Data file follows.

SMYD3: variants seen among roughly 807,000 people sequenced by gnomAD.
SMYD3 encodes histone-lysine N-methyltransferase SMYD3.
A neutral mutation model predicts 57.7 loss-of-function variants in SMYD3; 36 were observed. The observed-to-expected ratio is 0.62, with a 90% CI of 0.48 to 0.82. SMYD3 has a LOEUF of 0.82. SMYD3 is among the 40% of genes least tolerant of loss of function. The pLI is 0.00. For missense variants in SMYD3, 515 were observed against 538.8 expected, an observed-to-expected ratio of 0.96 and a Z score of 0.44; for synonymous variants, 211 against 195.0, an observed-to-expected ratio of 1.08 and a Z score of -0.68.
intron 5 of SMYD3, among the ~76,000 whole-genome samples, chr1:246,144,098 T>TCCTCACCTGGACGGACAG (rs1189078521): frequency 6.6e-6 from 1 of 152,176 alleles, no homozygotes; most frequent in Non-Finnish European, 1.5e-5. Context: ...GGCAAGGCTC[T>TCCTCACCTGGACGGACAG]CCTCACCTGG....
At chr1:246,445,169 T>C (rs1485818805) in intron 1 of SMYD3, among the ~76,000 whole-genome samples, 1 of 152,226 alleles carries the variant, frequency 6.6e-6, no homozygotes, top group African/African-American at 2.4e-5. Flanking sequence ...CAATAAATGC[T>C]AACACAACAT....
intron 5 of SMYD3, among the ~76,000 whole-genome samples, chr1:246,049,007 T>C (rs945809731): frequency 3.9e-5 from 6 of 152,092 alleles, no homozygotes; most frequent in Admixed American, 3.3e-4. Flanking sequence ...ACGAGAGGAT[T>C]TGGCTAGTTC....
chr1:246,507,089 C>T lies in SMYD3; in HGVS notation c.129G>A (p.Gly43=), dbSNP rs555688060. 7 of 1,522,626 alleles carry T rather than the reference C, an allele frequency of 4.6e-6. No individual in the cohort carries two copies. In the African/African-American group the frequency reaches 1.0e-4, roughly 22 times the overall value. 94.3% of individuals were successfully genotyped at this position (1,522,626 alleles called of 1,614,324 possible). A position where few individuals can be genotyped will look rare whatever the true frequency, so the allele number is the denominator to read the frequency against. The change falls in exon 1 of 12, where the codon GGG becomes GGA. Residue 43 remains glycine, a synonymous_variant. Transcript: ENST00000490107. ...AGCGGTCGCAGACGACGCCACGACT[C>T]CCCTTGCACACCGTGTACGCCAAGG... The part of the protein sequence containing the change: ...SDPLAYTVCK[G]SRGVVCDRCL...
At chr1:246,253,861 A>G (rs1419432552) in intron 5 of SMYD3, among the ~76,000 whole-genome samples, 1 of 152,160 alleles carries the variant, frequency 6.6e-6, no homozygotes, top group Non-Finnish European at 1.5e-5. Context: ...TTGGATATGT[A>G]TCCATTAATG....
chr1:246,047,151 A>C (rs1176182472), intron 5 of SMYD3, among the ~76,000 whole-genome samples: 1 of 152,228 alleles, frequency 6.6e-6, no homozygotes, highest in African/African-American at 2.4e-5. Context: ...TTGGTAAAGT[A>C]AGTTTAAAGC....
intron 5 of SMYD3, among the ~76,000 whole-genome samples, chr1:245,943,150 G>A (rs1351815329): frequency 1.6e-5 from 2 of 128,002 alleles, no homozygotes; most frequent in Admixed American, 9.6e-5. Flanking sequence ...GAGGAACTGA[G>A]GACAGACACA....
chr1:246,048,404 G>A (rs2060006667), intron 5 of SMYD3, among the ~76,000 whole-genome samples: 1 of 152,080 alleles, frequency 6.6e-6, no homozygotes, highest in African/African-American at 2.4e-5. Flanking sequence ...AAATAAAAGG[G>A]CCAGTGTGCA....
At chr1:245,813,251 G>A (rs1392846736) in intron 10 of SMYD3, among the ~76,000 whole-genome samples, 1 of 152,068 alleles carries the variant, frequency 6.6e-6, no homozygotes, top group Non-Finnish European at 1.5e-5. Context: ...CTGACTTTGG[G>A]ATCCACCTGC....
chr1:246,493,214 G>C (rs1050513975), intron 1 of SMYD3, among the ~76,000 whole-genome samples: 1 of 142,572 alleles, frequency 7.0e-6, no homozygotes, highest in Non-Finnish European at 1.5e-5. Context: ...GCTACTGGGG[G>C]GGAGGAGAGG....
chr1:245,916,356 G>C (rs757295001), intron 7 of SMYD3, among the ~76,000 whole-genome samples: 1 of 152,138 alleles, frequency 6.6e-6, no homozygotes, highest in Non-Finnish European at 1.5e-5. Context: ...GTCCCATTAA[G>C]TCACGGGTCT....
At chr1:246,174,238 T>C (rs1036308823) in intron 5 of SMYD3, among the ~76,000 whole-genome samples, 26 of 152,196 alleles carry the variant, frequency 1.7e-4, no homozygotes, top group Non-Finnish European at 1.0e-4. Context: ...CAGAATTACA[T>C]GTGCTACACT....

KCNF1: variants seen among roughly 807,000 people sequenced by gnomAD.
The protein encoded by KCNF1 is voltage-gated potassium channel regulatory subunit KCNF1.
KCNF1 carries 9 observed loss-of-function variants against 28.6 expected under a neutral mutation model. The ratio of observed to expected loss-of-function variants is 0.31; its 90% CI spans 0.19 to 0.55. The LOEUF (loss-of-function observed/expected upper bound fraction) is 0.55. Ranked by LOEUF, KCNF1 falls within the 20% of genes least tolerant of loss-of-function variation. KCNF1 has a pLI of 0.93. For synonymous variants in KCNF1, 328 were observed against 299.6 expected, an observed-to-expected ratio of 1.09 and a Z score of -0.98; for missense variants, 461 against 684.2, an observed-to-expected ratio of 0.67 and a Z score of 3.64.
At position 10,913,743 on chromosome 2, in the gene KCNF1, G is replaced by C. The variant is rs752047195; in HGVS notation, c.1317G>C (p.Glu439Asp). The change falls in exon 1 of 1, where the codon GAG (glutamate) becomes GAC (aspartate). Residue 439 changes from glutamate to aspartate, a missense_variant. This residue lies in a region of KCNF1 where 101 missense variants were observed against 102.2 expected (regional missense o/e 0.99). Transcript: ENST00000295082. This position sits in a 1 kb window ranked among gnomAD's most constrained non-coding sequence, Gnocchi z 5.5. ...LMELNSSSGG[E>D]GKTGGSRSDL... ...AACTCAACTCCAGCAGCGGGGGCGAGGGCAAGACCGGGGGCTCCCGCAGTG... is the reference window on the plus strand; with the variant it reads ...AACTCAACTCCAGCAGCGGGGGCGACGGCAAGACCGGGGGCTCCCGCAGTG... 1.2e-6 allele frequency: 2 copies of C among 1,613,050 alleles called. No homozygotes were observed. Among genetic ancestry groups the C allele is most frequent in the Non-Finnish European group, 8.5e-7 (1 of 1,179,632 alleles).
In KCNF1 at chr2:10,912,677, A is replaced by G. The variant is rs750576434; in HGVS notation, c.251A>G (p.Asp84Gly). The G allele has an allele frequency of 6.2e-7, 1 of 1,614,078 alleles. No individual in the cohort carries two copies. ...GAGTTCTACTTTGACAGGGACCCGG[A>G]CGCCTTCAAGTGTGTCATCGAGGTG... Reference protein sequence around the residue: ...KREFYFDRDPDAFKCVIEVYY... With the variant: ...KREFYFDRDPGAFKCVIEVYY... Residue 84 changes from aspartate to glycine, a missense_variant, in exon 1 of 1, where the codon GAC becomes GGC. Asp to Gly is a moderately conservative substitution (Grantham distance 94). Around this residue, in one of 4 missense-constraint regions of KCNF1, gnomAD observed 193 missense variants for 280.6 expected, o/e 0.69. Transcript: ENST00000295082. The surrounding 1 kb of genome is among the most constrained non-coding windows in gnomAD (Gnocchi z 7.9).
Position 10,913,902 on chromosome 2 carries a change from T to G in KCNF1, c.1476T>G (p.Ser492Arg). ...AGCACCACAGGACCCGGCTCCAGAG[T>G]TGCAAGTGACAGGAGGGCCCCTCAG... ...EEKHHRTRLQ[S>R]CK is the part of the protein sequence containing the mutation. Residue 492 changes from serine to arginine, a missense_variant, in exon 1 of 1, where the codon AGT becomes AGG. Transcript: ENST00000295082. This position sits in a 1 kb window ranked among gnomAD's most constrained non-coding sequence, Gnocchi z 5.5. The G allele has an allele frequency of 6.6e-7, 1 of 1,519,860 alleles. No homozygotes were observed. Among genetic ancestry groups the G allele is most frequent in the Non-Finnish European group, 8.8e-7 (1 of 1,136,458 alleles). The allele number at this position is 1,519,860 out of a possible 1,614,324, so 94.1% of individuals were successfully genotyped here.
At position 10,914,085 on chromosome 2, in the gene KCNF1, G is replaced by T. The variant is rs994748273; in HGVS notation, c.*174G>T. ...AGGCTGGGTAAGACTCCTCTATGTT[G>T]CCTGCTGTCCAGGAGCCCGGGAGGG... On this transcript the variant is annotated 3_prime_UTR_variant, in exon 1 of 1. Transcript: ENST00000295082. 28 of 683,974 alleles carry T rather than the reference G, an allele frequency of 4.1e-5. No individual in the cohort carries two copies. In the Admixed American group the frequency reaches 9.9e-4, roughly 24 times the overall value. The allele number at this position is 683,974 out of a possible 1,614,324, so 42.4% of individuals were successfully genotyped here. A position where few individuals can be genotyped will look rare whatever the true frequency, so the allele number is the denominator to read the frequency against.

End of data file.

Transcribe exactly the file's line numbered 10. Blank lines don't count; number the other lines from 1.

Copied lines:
intron 5 of SMYD3, among the ~76,000 whole-genome samples, chr1:245,943,150 G>A (rs1351815329): frequency 1.6e-5 from 2 of 128,002 alleles, no homozygotes; most frequent in Admixed American, 9.6e-5. Flanking sequence ...GAGGAACTGA[G>A]GACAGACACA....